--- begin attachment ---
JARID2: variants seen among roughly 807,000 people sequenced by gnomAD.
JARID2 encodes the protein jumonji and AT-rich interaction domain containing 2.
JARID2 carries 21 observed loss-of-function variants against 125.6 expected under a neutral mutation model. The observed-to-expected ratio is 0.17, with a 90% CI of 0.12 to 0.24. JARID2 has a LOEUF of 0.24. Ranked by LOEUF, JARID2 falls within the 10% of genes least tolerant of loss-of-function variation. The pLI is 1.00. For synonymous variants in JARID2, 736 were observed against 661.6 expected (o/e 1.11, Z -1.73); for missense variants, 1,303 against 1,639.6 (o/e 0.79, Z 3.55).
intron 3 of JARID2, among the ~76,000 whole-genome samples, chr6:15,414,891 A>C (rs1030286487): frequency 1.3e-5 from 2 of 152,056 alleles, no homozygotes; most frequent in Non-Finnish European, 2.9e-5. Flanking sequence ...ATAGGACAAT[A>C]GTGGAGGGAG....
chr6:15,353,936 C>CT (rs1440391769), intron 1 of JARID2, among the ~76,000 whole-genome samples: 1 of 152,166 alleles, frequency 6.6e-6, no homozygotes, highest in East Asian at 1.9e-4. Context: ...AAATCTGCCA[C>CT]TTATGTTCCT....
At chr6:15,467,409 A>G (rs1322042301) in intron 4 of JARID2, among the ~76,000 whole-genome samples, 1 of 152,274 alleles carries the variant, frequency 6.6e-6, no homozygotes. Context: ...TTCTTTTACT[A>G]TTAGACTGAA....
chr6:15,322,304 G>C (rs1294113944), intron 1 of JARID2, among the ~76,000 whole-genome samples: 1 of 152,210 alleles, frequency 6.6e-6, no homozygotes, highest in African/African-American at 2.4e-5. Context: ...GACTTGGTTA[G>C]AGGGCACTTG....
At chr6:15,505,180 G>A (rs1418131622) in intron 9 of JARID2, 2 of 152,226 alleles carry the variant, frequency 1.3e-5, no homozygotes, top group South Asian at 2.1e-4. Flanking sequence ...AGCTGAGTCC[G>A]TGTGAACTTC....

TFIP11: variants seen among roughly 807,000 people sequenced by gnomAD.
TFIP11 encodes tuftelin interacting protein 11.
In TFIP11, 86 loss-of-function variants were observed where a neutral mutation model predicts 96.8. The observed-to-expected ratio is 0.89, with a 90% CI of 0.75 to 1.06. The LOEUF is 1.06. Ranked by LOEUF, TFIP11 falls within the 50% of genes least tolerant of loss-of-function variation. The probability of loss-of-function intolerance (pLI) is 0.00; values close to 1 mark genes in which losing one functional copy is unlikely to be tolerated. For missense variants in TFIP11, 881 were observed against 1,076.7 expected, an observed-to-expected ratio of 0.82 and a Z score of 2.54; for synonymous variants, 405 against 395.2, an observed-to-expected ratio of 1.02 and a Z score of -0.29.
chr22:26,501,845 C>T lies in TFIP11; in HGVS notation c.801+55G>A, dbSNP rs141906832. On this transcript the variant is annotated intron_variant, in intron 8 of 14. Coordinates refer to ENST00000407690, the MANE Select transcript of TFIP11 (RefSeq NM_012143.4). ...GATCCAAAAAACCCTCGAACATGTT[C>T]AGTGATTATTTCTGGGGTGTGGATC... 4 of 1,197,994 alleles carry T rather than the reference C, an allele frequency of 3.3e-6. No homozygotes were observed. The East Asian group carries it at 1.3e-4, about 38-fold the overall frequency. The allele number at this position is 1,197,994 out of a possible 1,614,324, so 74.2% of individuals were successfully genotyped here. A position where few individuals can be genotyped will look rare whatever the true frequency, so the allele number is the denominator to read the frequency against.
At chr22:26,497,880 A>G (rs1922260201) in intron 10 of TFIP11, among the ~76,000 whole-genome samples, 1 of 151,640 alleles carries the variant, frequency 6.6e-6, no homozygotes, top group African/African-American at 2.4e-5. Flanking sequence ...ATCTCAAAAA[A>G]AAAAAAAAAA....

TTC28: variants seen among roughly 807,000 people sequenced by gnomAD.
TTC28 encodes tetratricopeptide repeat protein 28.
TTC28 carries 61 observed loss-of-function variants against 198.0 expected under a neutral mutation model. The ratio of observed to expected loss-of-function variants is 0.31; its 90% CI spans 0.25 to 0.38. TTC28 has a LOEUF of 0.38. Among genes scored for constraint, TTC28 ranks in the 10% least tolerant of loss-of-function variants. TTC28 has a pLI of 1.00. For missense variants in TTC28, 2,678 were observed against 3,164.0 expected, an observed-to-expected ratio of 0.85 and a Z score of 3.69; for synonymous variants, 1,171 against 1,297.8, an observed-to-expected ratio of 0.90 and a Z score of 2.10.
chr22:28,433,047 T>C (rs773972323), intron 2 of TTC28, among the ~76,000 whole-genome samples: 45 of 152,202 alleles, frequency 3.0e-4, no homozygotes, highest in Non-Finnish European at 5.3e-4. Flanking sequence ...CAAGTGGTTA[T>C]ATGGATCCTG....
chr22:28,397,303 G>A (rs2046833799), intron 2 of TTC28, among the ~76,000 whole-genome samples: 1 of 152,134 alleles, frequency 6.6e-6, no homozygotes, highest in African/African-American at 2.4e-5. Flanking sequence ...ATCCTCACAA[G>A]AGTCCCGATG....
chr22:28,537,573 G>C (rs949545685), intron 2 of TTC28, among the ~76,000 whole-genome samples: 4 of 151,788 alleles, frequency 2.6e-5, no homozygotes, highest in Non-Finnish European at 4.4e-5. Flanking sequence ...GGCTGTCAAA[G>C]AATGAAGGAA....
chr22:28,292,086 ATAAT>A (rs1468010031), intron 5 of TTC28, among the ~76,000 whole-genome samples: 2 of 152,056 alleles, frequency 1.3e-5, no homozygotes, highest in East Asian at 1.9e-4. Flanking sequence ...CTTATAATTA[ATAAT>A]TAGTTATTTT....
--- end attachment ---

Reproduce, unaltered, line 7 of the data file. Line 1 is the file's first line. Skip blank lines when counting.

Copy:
chr6:15,322,304 G>C (rs1294113944), intron 1 of JARID2, among the ~76,000 whole-genome samples: 1 of 152,210 alleles, frequency 6.6e-6, no homozygotes, highest in African/African-American at 2.4e-5. Context: ...GACTTGGTTA[G>C]AGGGCACTTG....